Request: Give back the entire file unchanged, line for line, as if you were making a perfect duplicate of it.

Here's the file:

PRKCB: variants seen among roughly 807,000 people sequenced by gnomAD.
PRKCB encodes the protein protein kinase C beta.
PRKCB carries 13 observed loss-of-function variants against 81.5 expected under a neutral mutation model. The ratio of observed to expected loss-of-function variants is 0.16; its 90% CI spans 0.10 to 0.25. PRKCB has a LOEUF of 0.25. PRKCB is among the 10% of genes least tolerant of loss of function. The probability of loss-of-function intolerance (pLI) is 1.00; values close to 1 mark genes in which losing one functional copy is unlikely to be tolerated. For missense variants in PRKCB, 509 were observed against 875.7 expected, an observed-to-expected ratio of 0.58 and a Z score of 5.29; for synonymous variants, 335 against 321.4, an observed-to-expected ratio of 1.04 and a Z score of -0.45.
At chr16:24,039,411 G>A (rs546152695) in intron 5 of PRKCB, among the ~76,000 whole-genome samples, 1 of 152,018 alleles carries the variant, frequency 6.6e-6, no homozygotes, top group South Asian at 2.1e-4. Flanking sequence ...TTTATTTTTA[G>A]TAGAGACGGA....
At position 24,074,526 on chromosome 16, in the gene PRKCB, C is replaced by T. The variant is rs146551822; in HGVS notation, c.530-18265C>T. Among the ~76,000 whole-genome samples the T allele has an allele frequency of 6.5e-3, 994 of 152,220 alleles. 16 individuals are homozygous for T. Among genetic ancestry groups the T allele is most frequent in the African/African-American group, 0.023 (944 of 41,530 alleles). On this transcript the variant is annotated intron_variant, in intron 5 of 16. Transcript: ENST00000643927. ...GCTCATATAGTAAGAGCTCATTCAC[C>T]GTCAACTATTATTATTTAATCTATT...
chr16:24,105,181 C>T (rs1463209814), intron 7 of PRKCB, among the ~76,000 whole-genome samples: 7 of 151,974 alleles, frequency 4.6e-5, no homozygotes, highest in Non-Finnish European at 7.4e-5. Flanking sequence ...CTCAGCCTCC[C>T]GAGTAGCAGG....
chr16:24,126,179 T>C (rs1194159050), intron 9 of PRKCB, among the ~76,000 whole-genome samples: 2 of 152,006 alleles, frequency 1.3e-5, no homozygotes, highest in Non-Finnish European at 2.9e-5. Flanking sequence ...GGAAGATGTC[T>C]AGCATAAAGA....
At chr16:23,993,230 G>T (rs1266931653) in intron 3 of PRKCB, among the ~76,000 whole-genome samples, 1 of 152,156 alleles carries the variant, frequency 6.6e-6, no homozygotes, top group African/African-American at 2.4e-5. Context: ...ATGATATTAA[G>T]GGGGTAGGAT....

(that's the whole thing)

PRKCB: variants seen among roughly 807,000 people sequenced by gnomAD.
PRKCB encodes the protein protein kinase C beta.
PRKCB carries 13 observed loss-of-function variants against 81.5 expected under a neutral mutation model. The ratio of observed to expected loss-of-function variants is 0.16; its 90% CI spans 0.10 to 0.25. PRKCB has a LOEUF of 0.25. PRKCB is among the 10% of genes least tolerant of loss of function. The probability of loss-of-function intolerance (pLI) is 1.00; values close to 1 mark genes in which losing one functional copy is unlikely to be tolerated. For missense variants in PRKCB, 509 were observed against 875.7 expected, an observed-to-expected ratio of 0.58 and a Z score of 5.29; for synonymous variants, 335 against 321.4, an observed-to-expected ratio of 1.04 and a Z score of -0.45.
At chr16:24,039,411 G>A (rs546152695) in intron 5 of PRKCB, among the ~76,000 whole-genome samples, 1 of 152,018 alleles carries the variant, frequency 6.6e-6, no homozygotes, top group South Asian at 2.1e-4. Flanking sequence ...TTTATTTTTA[G>A]TAGAGACGGA....
At position 24,074,526 on chromosome 16, in the gene PRKCB, C is replaced by T. The variant is rs146551822; in HGVS notation, c.530-18265C>T. Among the ~76,000 whole-genome samples the T allele has an allele frequency of 6.5e-3, 994 of 152,220 alleles. 16 individuals are homozygous for T. Among genetic ancestry groups the T allele is most frequent in the African/African-American group, 0.023 (944 of 41,530 alleles). On this transcript the variant is annotated intron_variant, in intron 5 of 16. Transcript: ENST00000643927. ...GCTCATATAGTAAGAGCTCATTCAC[C>T]GTCAACTATTATTATTTAATCTATT...
chr16:24,105,181 C>T (rs1463209814), intron 7 of PRKCB, among the ~76,000 whole-genome samples: 7 of 151,974 alleles, frequency 4.6e-5, no homozygotes, highest in Non-Finnish European at 7.4e-5. Flanking sequence ...CTCAGCCTCC[C>T]GAGTAGCAGG....
chr16:24,126,179 T>C (rs1194159050), intron 9 of PRKCB, among the ~76,000 whole-genome samples: 2 of 152,006 alleles, frequency 1.3e-5, no homozygotes, highest in Non-Finnish European at 2.9e-5. Flanking sequence ...GGAAGATGTC[T>C]AGCATAAAGA....
At chr16:23,993,230 G>T (rs1266931653) in intron 3 of PRKCB, among the ~76,000 whole-genome samples, 1 of 152,156 alleles carries the variant, frequency 6.6e-6, no homozygotes, top group African/African-American at 2.4e-5. Context: ...ATGATATTAA[G>T]GGGGTAGGAT....